“One little girl said well who lives here? And David says “I do!” And she said “well where are you?” And David replied “I’ve gone to get the cat food!” He wasn’t going to have any horrible humans in his dolls house! I’d only known him a fortnight and he said “I hate humans, I love animals though!” So I said “David! I thoroughly sympathise but I expect you’ll get to like a few”, and he has. I said “well what happens if the mice come down into the doll’s house?” he said “well that’s their problem!” It’s wonderful isn’t it! I guard it like a cat guards her kittens. And this is my speciality because nobody else makes them (she reaches into David’s dolls house and pulled out a tiny box which I had only read about. She opened up the box with care, which housed tiny individual pieces of a jigsaw. I do it with a fretsaw and a great deal of patience, but also I think that my father was a very wonderful fine wood engraver, so I think I laugh and say that linier thing is what I’ve inherited from my papa! I’m not as good as he was! The best things just come to you don’t they? It helps that I only have one working eye! I can see the saw going through the wood far better with just one.”


A lady came in with a pram. We were introduced and got talking, Jennifer was a collector. She wanted Kristin to pose for a picture with her new born and explained that she wanted the child to have proof of meeting Kristin,

“Because you’re legendary! When she grows up my daughter can say ‘she’s dead and gone but I did meet her!'”

Once again, Kristin is humble in her mannerisms and of course obliges. I take the picture for them. Then Jennifer tells me about her collections,

“The house I’ve had since I was a child which I have my childhood toys calibre of things in it, and I’ve put other high calibre things in it as well just so they’ve got somewhere to live and then I’ve got a cabinet with the really top end, the rest of the collection in it. The most desirable of desirables. I’ve always loved miniatures since I was a child and just continued and kept going. I don’t consider them to be toys I consider them to be art.”

Photography Credits – Loo Loo Rose
Model: Charlotte Holland


4 thoughts on “Interview: Kristin Baybars

  1. Very interesting. Was Kristin the person I helped start making Ostrobogulous toys in Falkirk?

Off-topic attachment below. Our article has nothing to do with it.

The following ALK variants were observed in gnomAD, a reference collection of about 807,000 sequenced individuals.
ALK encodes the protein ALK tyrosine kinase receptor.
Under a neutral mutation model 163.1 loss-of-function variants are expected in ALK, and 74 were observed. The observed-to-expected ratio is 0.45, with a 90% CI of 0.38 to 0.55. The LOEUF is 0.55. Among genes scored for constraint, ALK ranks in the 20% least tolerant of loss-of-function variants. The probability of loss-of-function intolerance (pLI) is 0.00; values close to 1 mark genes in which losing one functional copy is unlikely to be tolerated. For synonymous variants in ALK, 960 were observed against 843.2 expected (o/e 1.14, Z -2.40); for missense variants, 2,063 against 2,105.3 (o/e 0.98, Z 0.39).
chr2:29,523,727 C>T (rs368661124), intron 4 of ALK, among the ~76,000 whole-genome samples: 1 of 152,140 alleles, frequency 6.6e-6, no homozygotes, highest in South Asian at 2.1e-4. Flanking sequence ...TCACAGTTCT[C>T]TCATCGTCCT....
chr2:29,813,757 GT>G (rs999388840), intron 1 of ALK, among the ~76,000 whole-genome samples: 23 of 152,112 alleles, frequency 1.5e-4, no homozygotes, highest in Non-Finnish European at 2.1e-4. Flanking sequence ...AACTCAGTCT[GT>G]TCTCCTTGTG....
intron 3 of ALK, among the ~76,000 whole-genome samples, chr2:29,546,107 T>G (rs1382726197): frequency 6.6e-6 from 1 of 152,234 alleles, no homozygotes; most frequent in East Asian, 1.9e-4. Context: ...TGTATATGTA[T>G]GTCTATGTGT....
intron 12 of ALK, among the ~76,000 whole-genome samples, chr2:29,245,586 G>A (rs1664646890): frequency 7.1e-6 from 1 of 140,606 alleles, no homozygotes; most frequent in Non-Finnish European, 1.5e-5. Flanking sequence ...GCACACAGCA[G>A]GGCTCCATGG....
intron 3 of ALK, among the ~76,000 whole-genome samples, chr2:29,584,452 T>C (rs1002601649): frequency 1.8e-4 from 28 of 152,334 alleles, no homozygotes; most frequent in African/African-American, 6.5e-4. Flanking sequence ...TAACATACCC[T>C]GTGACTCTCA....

I am now 88 but I remember helping her to make cloth toys in my furniture factory. It was a long time ago and my memory is fading. I still have one of the toys, a clown called Aristo.
    Any answers please ?

    1. Hello Ronald
      I just read your comment about Kristin’s Owls & other animals & yes it is the same person. I would love to see a picture of your clown as her toys are now very rare & of course collectable.


  2. Hello Ronald,
    I was talking about these soft toys yesterday at a sewing lesson. The tutor was asking for suggestions of new things to make and started talking about owls. I asked her if she remembered the Ostrobogulous ? She looked at me as if I was from another planet! The tutor quickly sat down at her desk and started to Google it, sure enough there he was that gorgeous owl I remember from my very young childhood, that took pride of place on my mum and dads bed! This was bought as a gift for my mum from my dad in the mid sixties. I was born in 1970 and just remember being fascinated by this oddly, strange, but beautiful creature. I know my mum still had him upto a few years ago, but I’m not sure if she still has him or not? I don’t want to ask her as I was contemplating trying to recreate him for her 70th Birthday this November. I know it’s a bit cheeky but any pointers or tips on how to go about making one of these would be gratefully appreciated. You never know we could create a new trend!! I would love also to maybe visit Kristen in her lovely shop and maybe present her with a recreation of her wonderful work. I would very much look forward to hearing from you, I know you would have great stories to tell of bygone times. Anyway I’ll leave that upto you, if you would like to respond, I would be delighted. Thank you!